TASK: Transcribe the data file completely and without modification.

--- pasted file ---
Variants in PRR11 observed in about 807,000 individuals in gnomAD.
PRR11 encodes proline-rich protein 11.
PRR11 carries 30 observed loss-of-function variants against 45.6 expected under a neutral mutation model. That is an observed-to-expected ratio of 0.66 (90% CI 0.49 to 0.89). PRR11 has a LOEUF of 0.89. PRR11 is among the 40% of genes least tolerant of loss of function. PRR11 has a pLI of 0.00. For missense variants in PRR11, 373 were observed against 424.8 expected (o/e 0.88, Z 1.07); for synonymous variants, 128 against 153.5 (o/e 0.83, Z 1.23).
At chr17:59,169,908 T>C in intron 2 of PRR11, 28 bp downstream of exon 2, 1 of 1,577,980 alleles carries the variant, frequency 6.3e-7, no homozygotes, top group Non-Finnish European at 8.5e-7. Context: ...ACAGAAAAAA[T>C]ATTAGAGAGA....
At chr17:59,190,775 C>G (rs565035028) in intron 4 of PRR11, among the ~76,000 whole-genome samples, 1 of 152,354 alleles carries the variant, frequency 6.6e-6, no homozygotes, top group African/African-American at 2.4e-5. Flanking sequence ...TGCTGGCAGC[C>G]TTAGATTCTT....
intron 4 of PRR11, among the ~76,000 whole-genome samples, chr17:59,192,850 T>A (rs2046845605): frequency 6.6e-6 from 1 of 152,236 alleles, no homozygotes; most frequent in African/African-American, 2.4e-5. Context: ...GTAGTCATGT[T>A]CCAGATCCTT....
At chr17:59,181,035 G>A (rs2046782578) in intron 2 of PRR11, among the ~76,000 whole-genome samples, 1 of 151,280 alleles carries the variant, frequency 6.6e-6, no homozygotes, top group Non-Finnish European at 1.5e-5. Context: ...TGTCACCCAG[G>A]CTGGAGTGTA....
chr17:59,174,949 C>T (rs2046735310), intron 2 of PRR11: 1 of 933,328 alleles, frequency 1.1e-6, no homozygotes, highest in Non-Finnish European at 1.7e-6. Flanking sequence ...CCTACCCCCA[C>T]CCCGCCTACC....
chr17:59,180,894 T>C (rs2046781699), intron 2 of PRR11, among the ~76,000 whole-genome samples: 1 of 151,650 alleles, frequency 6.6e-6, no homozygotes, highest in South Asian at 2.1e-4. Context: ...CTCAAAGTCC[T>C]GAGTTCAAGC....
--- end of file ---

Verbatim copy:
Variants in PRR11 observed in about 807,000 individuals in gnomAD.
PRR11 encodes proline-rich protein 11.
PRR11 carries 30 observed loss-of-function variants against 45.6 expected under a neutral mutation model. That is an observed-to-expected ratio of 0.66 (90% CI 0.49 to 0.89). PRR11 has a LOEUF of 0.89. PRR11 is among the 40% of genes least tolerant of loss of function. PRR11 has a pLI of 0.00. For missense variants in PRR11, 373 were observed against 424.8 expected (o/e 0.88, Z 1.07); for synonymous variants, 128 against 153.5 (o/e 0.83, Z 1.23).
At chr17:59,169,908 T>C in intron 2 of PRR11, 28 bp downstream of exon 2, 1 of 1,577,980 alleles carries the variant, frequency 6.3e-7, no homozygotes, top group Non-Finnish European at 8.5e-7. Context: ...ACAGAAAAAA[T>C]ATTAGAGAGA....
At chr17:59,190,775 C>G (rs565035028) in intron 4 of PRR11, among the ~76,000 whole-genome samples, 1 of 152,354 alleles carries the variant, frequency 6.6e-6, no homozygotes, top group African/African-American at 2.4e-5. Flanking sequence ...TGCTGGCAGC[C>G]TTAGATTCTT....
intron 4 of PRR11, among the ~76,000 whole-genome samples, chr17:59,192,850 T>A (rs2046845605): frequency 6.6e-6 from 1 of 152,236 alleles, no homozygotes; most frequent in African/African-American, 2.4e-5. Context: ...GTAGTCATGT[T>A]CCAGATCCTT....
At chr17:59,181,035 G>A (rs2046782578) in intron 2 of PRR11, among the ~76,000 whole-genome samples, 1 of 151,280 alleles carries the variant, frequency 6.6e-6, no homozygotes, top group Non-Finnish European at 1.5e-5. Context: ...TGTCACCCAG[G>A]CTGGAGTGTA....
chr17:59,174,949 C>T (rs2046735310), intron 2 of PRR11: 1 of 933,328 alleles, frequency 1.1e-6, no homozygotes, highest in Non-Finnish European at 1.7e-6. Flanking sequence ...CCTACCCCCA[C>T]CCCGCCTACC....
chr17:59,180,894 T>C (rs2046781699), intron 2 of PRR11, among the ~76,000 whole-genome samples: 1 of 151,650 alleles, frequency 6.6e-6, no homozygotes, highest in South Asian at 2.1e-4. Context: ...CTCAAAGTCC[T>C]GAGTTCAAGC....